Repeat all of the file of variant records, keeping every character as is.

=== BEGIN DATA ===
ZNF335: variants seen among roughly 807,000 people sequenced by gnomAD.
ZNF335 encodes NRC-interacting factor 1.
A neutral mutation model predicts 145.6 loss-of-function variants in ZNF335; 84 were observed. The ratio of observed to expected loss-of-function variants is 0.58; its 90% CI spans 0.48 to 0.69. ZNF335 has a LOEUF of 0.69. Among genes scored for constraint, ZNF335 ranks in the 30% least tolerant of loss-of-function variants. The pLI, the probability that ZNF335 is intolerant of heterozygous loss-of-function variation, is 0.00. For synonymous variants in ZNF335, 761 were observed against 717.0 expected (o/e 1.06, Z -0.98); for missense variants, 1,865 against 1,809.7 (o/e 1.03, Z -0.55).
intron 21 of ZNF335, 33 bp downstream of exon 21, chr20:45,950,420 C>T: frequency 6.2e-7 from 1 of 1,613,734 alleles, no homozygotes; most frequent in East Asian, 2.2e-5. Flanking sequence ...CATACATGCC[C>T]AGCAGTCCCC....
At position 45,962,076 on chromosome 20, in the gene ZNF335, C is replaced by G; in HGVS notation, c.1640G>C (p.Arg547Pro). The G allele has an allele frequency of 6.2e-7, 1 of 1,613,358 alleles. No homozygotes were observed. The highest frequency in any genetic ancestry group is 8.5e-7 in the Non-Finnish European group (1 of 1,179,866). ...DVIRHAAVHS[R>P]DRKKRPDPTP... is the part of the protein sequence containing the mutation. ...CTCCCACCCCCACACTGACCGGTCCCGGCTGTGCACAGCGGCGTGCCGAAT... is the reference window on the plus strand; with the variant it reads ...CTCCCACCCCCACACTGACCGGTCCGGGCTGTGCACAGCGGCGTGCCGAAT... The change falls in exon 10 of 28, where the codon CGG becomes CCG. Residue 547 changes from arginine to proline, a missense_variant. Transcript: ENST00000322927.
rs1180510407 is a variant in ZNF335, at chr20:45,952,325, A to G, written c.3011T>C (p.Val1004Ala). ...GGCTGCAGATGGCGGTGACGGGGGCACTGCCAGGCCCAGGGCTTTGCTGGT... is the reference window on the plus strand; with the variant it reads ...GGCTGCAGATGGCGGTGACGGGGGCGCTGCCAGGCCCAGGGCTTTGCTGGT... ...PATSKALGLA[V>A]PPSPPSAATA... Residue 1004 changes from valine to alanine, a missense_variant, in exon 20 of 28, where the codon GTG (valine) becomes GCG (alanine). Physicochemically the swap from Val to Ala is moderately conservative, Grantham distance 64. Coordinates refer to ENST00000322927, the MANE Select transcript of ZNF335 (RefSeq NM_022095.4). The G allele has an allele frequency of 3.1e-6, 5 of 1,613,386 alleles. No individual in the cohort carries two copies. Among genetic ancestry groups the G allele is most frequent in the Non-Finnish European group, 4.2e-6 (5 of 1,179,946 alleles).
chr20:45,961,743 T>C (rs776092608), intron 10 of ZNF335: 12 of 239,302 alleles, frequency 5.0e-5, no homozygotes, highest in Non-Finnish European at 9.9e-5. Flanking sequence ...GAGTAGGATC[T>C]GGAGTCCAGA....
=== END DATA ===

ZNF335: variants seen among roughly 807,000 people sequenced by gnomAD.
ZNF335 encodes NRC-interacting factor 1.
A neutral mutation model predicts 145.6 loss-of-function variants in ZNF335; 84 were observed. The ratio of observed to expected loss-of-function variants is 0.58; its 90% CI spans 0.48 to 0.69. ZNF335 has a LOEUF of 0.69. Among genes scored for constraint, ZNF335 ranks in the 30% least tolerant of loss-of-function variants. The pLI, the probability that ZNF335 is intolerant of heterozygous loss-of-function variation, is 0.00. For synonymous variants in ZNF335, 761 were observed against 717.0 expected (o/e 1.06, Z -0.98); for missense variants, 1,865 against 1,809.7 (o/e 1.03, Z -0.55).
intron 21 of ZNF335, 33 bp downstream of exon 21, chr20:45,950,420 C>T: frequency 6.2e-7 from 1 of 1,613,734 alleles, no homozygotes; most frequent in East Asian, 2.2e-5. Flanking sequence ...CATACATGCC[C>T]AGCAGTCCCC....
At position 45,962,076 on chromosome 20, in the gene ZNF335, C is replaced by G; in HGVS notation, c.1640G>C (p.Arg547Pro). The G allele has an allele frequency of 6.2e-7, 1 of 1,613,358 alleles. No homozygotes were observed. The highest frequency in any genetic ancestry group is 8.5e-7 in the Non-Finnish European group (1 of 1,179,866). ...DVIRHAAVHS[R>P]DRKKRPDPTP... is the part of the protein sequence containing the mutation. ...CTCCCACCCCCACACTGACCGGTCCCGGCTGTGCACAGCGGCGTGCCGAAT... is the reference window on the plus strand; with the variant it reads ...CTCCCACCCCCACACTGACCGGTCCGGGCTGTGCACAGCGGCGTGCCGAAT... The change falls in exon 10 of 28, where the codon CGG becomes CCG. Residue 547 changes from arginine to proline, a missense_variant. Transcript: ENST00000322927.
rs1180510407 is a variant in ZNF335, at chr20:45,952,325, A to G, written c.3011T>C (p.Val1004Ala). ...GGCTGCAGATGGCGGTGACGGGGGCACTGCCAGGCCCAGGGCTTTGCTGGT... is the reference window on the plus strand; with the variant it reads ...GGCTGCAGATGGCGGTGACGGGGGCGCTGCCAGGCCCAGGGCTTTGCTGGT... ...PATSKALGLA[V>A]PPSPPSAATA... Residue 1004 changes from valine to alanine, a missense_variant, in exon 20 of 28, where the codon GTG (valine) becomes GCG (alanine). Physicochemically the swap from Val to Ala is moderately conservative, Grantham distance 64. Coordinates refer to ENST00000322927, the MANE Select transcript of ZNF335 (RefSeq NM_022095.4). The G allele has an allele frequency of 3.1e-6, 5 of 1,613,386 alleles. No individual in the cohort carries two copies. Among genetic ancestry groups the G allele is most frequent in the Non-Finnish European group, 4.2e-6 (5 of 1,179,946 alleles).
chr20:45,961,743 T>C (rs776092608), intron 10 of ZNF335: 12 of 239,302 alleles, frequency 5.0e-5, no homozygotes, highest in Non-Finnish European at 9.9e-5. Flanking sequence ...GAGTAGGATC[T>C]GGAGTCCAGA....